Fig. 1

The Big Woods (Minnesota) landscape, dominated by mesic forest, was savanna and prairie until about 1300 C.E., when droughts and consequent fine-fuel reduction led to reduction of surface fires, allowing tree invasion and expansion (27). [Photo credit: S. T. Jackson]

These observations have the potential for setting restoration ecology adrift from its moorings in notions of objectively identifiable natural states of ecosystems. If natural states are elusive, if the environment is always changing and ecosystems are always coming and going, and if multiple realizations are normal, then the premises underlying ecological restoration to a historic standard come under question. Does ecological history render ecological restoration “quaint”?

Ecological restoration finds new moorings in emphasizing restoration of ecosystem function, goods, and services. Restoration ecologists increasingly recognize the ongoing and often inevitable development of novel ecosystems, resulting from species invasions, climate change, land-use legacies, and altered biogeochemical cycles (28, 29). Restoration efforts emphasize managing for change, which is accepted as inevitable, and interventions are directed toward ensuring that desirable ecological goods and services, including aesthetic values, are maintained (7, 30).

The paleoecological record gives restoration ecologists permission to accept environmental and ecological change and to intervene in ways that will foster biodiversity and vital ecosystem functions. In many cases, this will lead to ecosystems unlike those of the past (7, 25, 28). Restored ecosystems may have combinations of species that have never co-occurred. Many such ecosystems will be contingent not only on scientific and societal judgments but also on particular combinations of climate events, disturbances, extinctions, and immigrations (26). As artificial or capricious as these ecosystems may seem, they must be embraced insofar as environmental change is inevitable, multiple ecological realizations are natural, and contingencies and legacies are embedded in virtually all natural ecosystems.

Even in the face of inevitable environmental change and ecological novelty, efforts to conserve and restore historical ecosystems should be continued and even accelerated in the immediate future. This presents a seeming paradox, given the increasingly anachronistic nature of historical targets. However, preventing damage is more cost effective than trying to repair damage. Furthermore, our understanding of historic ecosystems is typically far greater than for most novel or engineered systems. An unstated aim in restoration is to avoid creating bigger problems than those we seek to solve. Short-term targets of known, historic ecosystems may minimize the risk of making things worse. Restoration efforts might aim for mosaics of historic and engineered ecosystems, ensuring that if some ecosystems collapse, other functioning ecosystems will remain to build on. In the meantime, we can continue to develop an understanding of how novel and engineered ecosystems function, what goods and services they provide, how they respond to various perturbations, and the range of environmental circumstances in which they are sustainable (28, 29).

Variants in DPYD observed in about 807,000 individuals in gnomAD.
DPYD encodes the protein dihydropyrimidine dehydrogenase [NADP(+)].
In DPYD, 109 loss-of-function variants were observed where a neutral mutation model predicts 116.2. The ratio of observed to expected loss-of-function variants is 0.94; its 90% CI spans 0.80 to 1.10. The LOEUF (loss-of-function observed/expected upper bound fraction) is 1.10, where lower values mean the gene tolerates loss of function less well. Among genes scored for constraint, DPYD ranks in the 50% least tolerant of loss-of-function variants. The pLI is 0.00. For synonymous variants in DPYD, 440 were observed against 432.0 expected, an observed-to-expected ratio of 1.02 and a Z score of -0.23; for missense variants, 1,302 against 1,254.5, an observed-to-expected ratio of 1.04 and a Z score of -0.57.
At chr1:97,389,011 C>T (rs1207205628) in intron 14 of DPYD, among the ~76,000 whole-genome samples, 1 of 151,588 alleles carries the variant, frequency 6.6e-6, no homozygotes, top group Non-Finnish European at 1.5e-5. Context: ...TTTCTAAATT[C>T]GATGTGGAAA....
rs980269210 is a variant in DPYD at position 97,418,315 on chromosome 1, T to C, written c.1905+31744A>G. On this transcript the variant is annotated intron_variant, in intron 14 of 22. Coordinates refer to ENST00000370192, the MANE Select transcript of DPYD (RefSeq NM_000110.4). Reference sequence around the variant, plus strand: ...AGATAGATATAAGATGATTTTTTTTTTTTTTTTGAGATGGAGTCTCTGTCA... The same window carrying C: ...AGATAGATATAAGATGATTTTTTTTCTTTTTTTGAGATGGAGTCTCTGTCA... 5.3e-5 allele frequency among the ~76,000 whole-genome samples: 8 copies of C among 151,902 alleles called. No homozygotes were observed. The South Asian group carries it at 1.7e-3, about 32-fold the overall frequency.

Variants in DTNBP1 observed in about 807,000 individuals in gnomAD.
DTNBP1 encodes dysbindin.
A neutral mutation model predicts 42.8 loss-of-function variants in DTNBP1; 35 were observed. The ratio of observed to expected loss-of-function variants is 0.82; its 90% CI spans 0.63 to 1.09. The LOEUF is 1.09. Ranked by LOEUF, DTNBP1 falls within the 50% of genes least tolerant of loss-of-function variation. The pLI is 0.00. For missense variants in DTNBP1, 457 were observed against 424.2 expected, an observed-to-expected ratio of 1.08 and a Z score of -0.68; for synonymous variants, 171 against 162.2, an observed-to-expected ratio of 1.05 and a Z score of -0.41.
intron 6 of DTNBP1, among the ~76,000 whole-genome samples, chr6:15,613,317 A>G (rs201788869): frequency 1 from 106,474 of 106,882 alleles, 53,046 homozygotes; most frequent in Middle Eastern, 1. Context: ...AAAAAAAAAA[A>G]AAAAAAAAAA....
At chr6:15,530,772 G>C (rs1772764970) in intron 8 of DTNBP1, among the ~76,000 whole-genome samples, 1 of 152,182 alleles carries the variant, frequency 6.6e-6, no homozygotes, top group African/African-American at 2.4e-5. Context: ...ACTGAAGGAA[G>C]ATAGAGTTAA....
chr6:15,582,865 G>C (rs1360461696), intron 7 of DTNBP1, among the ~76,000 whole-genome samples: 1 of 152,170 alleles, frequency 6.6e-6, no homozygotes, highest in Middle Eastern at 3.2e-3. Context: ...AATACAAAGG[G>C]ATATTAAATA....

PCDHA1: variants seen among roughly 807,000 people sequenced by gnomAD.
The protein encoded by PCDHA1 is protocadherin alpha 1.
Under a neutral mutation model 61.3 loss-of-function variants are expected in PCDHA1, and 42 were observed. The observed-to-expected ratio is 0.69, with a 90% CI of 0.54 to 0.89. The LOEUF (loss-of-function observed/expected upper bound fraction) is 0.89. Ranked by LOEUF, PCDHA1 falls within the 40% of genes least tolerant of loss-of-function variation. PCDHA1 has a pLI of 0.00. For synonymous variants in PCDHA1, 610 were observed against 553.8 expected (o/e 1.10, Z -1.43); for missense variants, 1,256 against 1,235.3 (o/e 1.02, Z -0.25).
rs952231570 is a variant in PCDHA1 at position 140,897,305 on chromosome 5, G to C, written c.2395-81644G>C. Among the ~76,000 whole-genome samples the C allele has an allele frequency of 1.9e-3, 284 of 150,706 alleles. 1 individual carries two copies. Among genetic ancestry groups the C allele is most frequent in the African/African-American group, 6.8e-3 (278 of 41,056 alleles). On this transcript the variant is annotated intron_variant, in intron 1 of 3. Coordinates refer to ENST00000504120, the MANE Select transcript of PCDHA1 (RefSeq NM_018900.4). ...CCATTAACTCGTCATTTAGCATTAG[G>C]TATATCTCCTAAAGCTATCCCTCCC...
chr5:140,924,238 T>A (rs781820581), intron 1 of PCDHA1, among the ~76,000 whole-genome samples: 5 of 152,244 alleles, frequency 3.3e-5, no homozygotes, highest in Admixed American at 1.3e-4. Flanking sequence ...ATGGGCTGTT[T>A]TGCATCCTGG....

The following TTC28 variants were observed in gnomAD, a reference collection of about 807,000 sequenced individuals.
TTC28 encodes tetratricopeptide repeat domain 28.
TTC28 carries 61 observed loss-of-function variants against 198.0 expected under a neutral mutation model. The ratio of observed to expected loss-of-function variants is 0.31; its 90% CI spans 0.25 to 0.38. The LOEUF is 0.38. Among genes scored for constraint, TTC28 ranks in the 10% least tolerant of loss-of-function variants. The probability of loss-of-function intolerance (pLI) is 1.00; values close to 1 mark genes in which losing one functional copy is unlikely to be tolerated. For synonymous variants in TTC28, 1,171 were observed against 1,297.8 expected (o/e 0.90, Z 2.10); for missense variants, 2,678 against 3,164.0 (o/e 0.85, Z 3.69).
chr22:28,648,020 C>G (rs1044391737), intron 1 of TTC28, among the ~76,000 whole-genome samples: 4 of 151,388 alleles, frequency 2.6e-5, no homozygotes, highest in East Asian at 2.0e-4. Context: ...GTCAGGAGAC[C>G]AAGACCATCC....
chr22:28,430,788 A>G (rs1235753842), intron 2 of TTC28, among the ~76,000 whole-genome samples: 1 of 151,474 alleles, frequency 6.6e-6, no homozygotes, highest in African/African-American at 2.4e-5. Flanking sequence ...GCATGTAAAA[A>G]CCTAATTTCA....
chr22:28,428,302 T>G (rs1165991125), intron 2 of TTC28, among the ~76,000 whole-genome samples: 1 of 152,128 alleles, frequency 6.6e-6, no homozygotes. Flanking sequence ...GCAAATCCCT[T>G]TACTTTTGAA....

Clearly, rapid environmental change renders these tasks daunting, and a major challenge for ecologists is to develop effective means of assessing the status of, and prognosis for, ecosystems in varying states of alteration (Fig. 2). Which historic ecosystems provide viable targets? Under what circumstances will combined forces of climate change, invasive species, and other global-change elements require that alternative ecosystems be considered? Can we develop the tools and wisdom to support these decisions?

Fig. 2

Contrasting ecosystem trajectories from historic through present to future configurations, indicating degree of change from the historic ecosystem (e.g., physical environment and species pool). Trajectories 1 to 3 indicate systems in three different states today: relatively unchanged (1), moderately altered (2), and severely altered (3). Colored bands indicate costs of restoration to the approximate historic state. Dotted lines represent realistic interventions for each trajectory; pursuit of A is more difficult and expensive than B. For trajectory 3, the only viable option is to slow the rate of change and direct the system to maintain or improve its value in terms of ecosystem services (C). Paleoecology can help assess viability of different levels of intervention by identifying historical states and their range of variability, determining how far existing systems have drifted from these historic states, assessing the thresholds between required levels of intervention, and guiding design of novel and sustainable ecosystems capable of providing ecological goods and services.

Paleoecology will play important roles in all of these efforts. Paleoecological and paleoenvironmental studies inform our understanding of existing and historical ecosystems, determining the circumstances under which they arose, gauging the range of environmental variability they have experienced, and identifying environmental thresholds at which they will require different levels of intervention. By integrating the “reverse monitoring” of paleoecology with conventional “forward monitoring” and targeted experiments, we can diagnose the point(s) at which existing ecosystems will be unsustainable. At the same time, paleoecological studies will continue to reveal past ecosystem realizations and their properties at local, regional, and global scales. Paleoecological insights, together with modeling, experimentation, and observation, will advance our capacity to engineer ecosystems successfully. Obviously, the more time we purchase by slowing the rates of global change in all its dimensions, the more we increase our capacity for successful adaptation. We face serious risk that global change will outpace our scientific capacity to prescribe adaptive strategies, let alone implement them.

References and Notes

  1. R. H. W. Bradshaw, W. K. Lauenroth, J. A. Lockwood, J. McLachlan, J. T. Overpeck, W. A. Reiners, D. Sax, and J. W. Williams provided discussion and asked difficult questions.
View Abstract

Navigate This Article